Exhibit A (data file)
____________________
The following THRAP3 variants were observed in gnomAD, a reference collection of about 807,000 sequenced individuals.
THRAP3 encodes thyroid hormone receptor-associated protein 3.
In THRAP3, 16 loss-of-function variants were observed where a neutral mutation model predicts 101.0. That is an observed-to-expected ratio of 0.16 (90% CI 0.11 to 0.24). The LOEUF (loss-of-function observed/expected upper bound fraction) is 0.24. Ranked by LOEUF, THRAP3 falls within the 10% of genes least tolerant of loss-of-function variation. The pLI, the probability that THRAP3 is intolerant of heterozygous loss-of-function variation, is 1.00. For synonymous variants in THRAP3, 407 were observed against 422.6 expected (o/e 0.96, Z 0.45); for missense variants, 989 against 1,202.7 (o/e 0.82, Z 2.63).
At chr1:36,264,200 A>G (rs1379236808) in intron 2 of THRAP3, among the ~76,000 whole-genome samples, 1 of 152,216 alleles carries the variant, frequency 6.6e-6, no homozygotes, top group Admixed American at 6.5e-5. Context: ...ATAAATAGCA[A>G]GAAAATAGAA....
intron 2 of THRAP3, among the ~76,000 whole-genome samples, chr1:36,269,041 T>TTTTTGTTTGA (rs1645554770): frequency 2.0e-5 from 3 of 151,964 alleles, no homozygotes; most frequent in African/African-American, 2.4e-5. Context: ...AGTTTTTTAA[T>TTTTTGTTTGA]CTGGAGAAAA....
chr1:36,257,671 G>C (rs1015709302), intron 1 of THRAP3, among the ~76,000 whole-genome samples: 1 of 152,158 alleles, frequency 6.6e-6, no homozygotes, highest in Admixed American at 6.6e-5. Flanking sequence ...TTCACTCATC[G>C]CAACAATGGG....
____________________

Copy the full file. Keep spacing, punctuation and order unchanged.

The following THRAP3 variants were observed in gnomAD, a reference collection of about 807,000 sequenced individuals.
THRAP3 encodes thyroid hormone receptor-associated protein 3.
In THRAP3, 16 loss-of-function variants were observed where a neutral mutation model predicts 101.0. That is an observed-to-expected ratio of 0.16 (90% CI 0.11 to 0.24). The LOEUF (loss-of-function observed/expected upper bound fraction) is 0.24. Ranked by LOEUF, THRAP3 falls within the 10% of genes least tolerant of loss-of-function variation. The pLI, the probability that THRAP3 is intolerant of heterozygous loss-of-function variation, is 1.00. For synonymous variants in THRAP3, 407 were observed against 422.6 expected (o/e 0.96, Z 0.45); for missense variants, 989 against 1,202.7 (o/e 0.82, Z 2.63).
At chr1:36,264,200 A>G (rs1379236808) in intron 2 of THRAP3, among the ~76,000 whole-genome samples, 1 of 152,216 alleles carries the variant, frequency 6.6e-6, no homozygotes, top group Admixed American at 6.5e-5. Context: ...ATAAATAGCA[A>G]GAAAATAGAA....
intron 2 of THRAP3, among the ~76,000 whole-genome samples, chr1:36,269,041 T>TTTTTGTTTGA (rs1645554770): frequency 2.0e-5 from 3 of 151,964 alleles, no homozygotes; most frequent in African/African-American, 2.4e-5. Context: ...AGTTTTTTAA[T>TTTTTGTTTGA]CTGGAGAAAA....
chr1:36,257,671 G>C (rs1015709302), intron 1 of THRAP3, among the ~76,000 whole-genome samples: 1 of 152,158 alleles, frequency 6.6e-6, no homozygotes, highest in Admixed American at 6.6e-5. Flanking sequence ...TTCACTCATC[G>C]CAACAATGGG....